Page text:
Day said he is against the decision the University made — the issues regarding COVID and vandalism, he said, were temporary and could have been fixed.

“You do notice there’s a certain level of independence that Zahm has,” he noted. “I think that’s the main cause of what the University doesn’t like — it’s the fact that as a community, we make our own rules. And because of the independence there’s some bad things that sometimes go on, whether it’s a mob mentality or just a disrespect to the University in general.”

Both Day and Castaneda said one reason for Zahm’s tight-knit community is the way other University students view their reputation.

“As soon as you get placed into Zahm, you feel that [stigma], and I feel like that creates sort of a badge of pride … I think that makes our community very strong,” Castaneda said. 

A final, unprecedented decision: What this means for residential life at Notre Dame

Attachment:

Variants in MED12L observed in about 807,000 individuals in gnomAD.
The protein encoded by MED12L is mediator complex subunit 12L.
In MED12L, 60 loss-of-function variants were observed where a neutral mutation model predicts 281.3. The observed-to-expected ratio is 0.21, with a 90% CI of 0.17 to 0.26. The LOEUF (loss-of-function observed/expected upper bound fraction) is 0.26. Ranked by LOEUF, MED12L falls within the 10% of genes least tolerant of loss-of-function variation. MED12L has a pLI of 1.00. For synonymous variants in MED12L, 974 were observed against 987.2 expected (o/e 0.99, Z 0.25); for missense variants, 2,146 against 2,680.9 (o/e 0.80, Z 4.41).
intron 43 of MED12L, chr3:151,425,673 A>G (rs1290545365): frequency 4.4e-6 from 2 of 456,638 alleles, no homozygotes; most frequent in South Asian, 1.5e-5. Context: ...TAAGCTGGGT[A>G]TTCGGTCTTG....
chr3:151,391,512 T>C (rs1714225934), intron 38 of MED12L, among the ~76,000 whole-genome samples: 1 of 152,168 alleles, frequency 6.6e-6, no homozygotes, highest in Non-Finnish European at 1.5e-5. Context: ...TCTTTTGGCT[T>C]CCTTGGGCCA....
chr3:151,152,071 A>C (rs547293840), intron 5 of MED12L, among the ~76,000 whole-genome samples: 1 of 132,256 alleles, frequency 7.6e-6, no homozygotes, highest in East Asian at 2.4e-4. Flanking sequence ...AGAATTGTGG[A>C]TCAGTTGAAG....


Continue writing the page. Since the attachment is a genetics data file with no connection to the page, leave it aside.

Residential life associate vice president Rakoczy Russell told The Observer she had no reason to believe the decision to close Zahm will set a precedent for any other current residence halls.

Furthermore, she said, “although Zahm will serve as the swing hall for major renovations for the foreseeable future, we expect that Zahm will return to a traditional hall again one day after the completion of its own major renovation.” 

Though she recognized the impact the decision would have on current members of Zahm House, Rakoczy Russell wrote to The Observer “... we no longer believe the community is equipped to welcome new students in a manner that reflects the best integration into the Notre Dame family that we can offer and is owed to every student.”